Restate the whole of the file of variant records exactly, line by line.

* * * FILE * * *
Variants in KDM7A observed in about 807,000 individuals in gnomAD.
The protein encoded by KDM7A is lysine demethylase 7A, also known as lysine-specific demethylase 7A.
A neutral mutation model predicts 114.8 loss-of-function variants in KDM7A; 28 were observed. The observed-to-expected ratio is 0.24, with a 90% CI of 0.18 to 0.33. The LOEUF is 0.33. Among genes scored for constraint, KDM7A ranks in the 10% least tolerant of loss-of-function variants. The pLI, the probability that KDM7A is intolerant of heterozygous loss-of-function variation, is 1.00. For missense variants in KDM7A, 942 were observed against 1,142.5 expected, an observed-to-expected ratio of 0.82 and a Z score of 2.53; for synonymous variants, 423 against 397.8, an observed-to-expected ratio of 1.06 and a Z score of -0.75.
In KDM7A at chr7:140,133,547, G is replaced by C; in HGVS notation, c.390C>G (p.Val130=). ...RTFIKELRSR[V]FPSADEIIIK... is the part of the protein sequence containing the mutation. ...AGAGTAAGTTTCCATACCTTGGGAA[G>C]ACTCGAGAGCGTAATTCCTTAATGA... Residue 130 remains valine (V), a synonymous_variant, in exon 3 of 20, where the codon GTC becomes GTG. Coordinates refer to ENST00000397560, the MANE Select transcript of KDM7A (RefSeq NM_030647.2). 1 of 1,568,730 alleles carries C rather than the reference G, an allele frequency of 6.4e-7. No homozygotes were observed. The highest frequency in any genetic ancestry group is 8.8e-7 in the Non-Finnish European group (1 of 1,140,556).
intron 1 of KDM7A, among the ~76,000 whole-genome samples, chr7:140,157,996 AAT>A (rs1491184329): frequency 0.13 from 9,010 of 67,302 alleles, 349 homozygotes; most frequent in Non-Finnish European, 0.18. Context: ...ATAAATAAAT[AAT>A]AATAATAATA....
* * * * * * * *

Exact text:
Variants in KDM7A observed in about 807,000 individuals in gnomAD.
The protein encoded by KDM7A is lysine demethylase 7A, also known as lysine-specific demethylase 7A.
A neutral mutation model predicts 114.8 loss-of-function variants in KDM7A; 28 were observed. The observed-to-expected ratio is 0.24, with a 90% CI of 0.18 to 0.33. The LOEUF is 0.33. Among genes scored for constraint, KDM7A ranks in the 10% least tolerant of loss-of-function variants. The pLI, the probability that KDM7A is intolerant of heterozygous loss-of-function variation, is 1.00. For missense variants in KDM7A, 942 were observed against 1,142.5 expected, an observed-to-expected ratio of 0.82 and a Z score of 2.53; for synonymous variants, 423 against 397.8, an observed-to-expected ratio of 1.06 and a Z score of -0.75.
In KDM7A at chr7:140,133,547, G is replaced by C; in HGVS notation, c.390C>G (p.Val130=). ...RTFIKELRSR[V]FPSADEIIIK... is the part of the protein sequence containing the mutation. ...AGAGTAAGTTTCCATACCTTGGGAA[G>C]ACTCGAGAGCGTAATTCCTTAATGA... Residue 130 remains valine (V), a synonymous_variant, in exon 3 of 20, where the codon GTC becomes GTG. Coordinates refer to ENST00000397560, the MANE Select transcript of KDM7A (RefSeq NM_030647.2). 1 of 1,568,730 alleles carries C rather than the reference G, an allele frequency of 6.4e-7. No homozygotes were observed. The highest frequency in any genetic ancestry group is 8.8e-7 in the Non-Finnish European group (1 of 1,140,556).
intron 1 of KDM7A, among the ~76,000 whole-genome samples, chr7:140,157,996 AAT>A (rs1491184329): frequency 0.13 from 9,010 of 67,302 alleles, 349 homozygotes; most frequent in Non-Finnish European, 0.18. Context: ...ATAAATAAAT[AAT>A]AATAATAATA....